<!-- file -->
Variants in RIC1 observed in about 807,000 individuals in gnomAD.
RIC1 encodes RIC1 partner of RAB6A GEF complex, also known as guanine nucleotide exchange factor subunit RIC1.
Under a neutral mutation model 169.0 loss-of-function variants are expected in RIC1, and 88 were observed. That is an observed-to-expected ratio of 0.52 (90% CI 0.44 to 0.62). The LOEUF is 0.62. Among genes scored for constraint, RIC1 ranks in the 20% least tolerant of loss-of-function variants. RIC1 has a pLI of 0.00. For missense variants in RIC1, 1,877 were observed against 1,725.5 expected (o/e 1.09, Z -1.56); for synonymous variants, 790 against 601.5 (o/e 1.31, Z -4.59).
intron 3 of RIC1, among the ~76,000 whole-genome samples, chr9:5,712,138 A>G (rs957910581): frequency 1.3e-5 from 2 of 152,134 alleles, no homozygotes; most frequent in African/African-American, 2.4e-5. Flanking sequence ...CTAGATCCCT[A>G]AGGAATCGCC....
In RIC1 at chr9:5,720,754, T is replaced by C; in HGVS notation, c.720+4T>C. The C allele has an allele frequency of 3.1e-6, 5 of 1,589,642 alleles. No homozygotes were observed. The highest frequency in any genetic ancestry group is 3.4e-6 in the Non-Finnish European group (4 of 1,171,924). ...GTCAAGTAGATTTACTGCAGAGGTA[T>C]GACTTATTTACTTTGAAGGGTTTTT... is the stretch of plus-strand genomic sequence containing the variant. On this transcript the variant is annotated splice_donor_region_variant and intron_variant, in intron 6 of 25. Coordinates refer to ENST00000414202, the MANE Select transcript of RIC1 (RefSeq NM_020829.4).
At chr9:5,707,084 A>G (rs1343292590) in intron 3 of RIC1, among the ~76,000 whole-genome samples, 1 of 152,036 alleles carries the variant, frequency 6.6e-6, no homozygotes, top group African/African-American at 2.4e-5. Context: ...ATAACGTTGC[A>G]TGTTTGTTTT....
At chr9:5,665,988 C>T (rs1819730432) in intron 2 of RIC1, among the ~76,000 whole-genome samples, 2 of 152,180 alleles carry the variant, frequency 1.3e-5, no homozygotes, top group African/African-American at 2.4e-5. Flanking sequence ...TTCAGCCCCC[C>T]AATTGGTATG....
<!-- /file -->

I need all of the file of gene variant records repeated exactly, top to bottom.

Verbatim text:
Variants in RIC1 observed in about 807,000 individuals in gnomAD.
RIC1 encodes RIC1 partner of RAB6A GEF complex, also known as guanine nucleotide exchange factor subunit RIC1.
Under a neutral mutation model 169.0 loss-of-function variants are expected in RIC1, and 88 were observed. That is an observed-to-expected ratio of 0.52 (90% CI 0.44 to 0.62). The LOEUF is 0.62. Among genes scored for constraint, RIC1 ranks in the 20% least tolerant of loss-of-function variants. RIC1 has a pLI of 0.00. For missense variants in RIC1, 1,877 were observed against 1,725.5 expected (o/e 1.09, Z -1.56); for synonymous variants, 790 against 601.5 (o/e 1.31, Z -4.59).
intron 3 of RIC1, among the ~76,000 whole-genome samples, chr9:5,712,138 A>G (rs957910581): frequency 1.3e-5 from 2 of 152,134 alleles, no homozygotes; most frequent in African/African-American, 2.4e-5. Flanking sequence ...CTAGATCCCT[A>G]AGGAATCGCC....
In RIC1 at chr9:5,720,754, T is replaced by C; in HGVS notation, c.720+4T>C. The C allele has an allele frequency of 3.1e-6, 5 of 1,589,642 alleles. No homozygotes were observed. The highest frequency in any genetic ancestry group is 3.4e-6 in the Non-Finnish European group (4 of 1,171,924). ...GTCAAGTAGATTTACTGCAGAGGTA[T>C]GACTTATTTACTTTGAAGGGTTTTT... is the stretch of plus-strand genomic sequence containing the variant. On this transcript the variant is annotated splice_donor_region_variant and intron_variant, in intron 6 of 25. Coordinates refer to ENST00000414202, the MANE Select transcript of RIC1 (RefSeq NM_020829.4).
At chr9:5,707,084 A>G (rs1343292590) in intron 3 of RIC1, among the ~76,000 whole-genome samples, 1 of 152,036 alleles carries the variant, frequency 6.6e-6, no homozygotes, top group African/African-American at 2.4e-5. Context: ...ATAACGTTGC[A>G]TGTTTGTTTT....
At chr9:5,665,988 C>T (rs1819730432) in intron 2 of RIC1, among the ~76,000 whole-genome samples, 2 of 152,180 alleles carry the variant, frequency 1.3e-5, no homozygotes, top group African/African-American at 2.4e-5. Flanking sequence ...TTCAGCCCCC[C>T]AATTGGTATG....